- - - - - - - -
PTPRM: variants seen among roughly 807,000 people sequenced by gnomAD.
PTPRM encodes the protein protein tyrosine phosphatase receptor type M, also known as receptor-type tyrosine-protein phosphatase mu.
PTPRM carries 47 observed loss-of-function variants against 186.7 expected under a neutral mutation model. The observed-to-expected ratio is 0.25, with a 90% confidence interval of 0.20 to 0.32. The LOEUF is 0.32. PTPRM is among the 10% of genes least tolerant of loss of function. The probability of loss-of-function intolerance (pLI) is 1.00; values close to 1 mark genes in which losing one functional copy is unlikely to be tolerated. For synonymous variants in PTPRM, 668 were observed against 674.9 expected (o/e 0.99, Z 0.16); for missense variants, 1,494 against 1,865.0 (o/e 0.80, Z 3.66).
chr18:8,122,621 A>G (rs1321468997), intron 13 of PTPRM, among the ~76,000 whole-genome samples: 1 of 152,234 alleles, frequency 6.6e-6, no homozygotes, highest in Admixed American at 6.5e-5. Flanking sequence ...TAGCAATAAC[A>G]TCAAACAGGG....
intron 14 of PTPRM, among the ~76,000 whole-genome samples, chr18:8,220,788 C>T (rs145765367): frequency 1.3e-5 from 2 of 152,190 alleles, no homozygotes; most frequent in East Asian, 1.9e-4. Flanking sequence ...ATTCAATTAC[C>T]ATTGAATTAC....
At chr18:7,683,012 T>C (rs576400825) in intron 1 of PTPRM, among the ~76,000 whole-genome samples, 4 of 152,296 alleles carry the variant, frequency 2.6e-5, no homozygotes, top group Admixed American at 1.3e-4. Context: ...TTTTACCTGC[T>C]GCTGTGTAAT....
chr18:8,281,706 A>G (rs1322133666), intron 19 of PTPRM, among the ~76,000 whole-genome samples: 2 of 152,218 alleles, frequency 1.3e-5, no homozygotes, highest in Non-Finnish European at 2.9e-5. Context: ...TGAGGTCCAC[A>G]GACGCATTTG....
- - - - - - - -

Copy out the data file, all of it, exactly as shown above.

PTPRM: variants seen among roughly 807,000 people sequenced by gnomAD.
PTPRM encodes the protein protein tyrosine phosphatase receptor type M, also known as receptor-type tyrosine-protein phosphatase mu.
PTPRM carries 47 observed loss-of-function variants against 186.7 expected under a neutral mutation model. The observed-to-expected ratio is 0.25, with a 90% confidence interval of 0.20 to 0.32. The LOEUF is 0.32. PTPRM is among the 10% of genes least tolerant of loss of function. The probability of loss-of-function intolerance (pLI) is 1.00; values close to 1 mark genes in which losing one functional copy is unlikely to be tolerated. For synonymous variants in PTPRM, 668 were observed against 674.9 expected (o/e 0.99, Z 0.16); for missense variants, 1,494 against 1,865.0 (o/e 0.80, Z 3.66).
chr18:8,122,621 A>G (rs1321468997), intron 13 of PTPRM, among the ~76,000 whole-genome samples: 1 of 152,234 alleles, frequency 6.6e-6, no homozygotes, highest in Admixed American at 6.5e-5. Flanking sequence ...TAGCAATAAC[A>G]TCAAACAGGG....
intron 14 of PTPRM, among the ~76,000 whole-genome samples, chr18:8,220,788 C>T (rs145765367): frequency 1.3e-5 from 2 of 152,190 alleles, no homozygotes; most frequent in East Asian, 1.9e-4. Flanking sequence ...ATTCAATTAC[C>T]ATTGAATTAC....
At chr18:7,683,012 T>C (rs576400825) in intron 1 of PTPRM, among the ~76,000 whole-genome samples, 4 of 152,296 alleles carry the variant, frequency 2.6e-5, no homozygotes, top group Admixed American at 1.3e-4. Context: ...TTTTACCTGC[T>C]GCTGTGTAAT....
chr18:8,281,706 A>G (rs1322133666), intron 19 of PTPRM, among the ~76,000 whole-genome samples: 2 of 152,218 alleles, frequency 1.3e-5, no homozygotes, highest in Non-Finnish European at 2.9e-5. Context: ...TGAGGTCCAC[A>G]GACGCATTTG....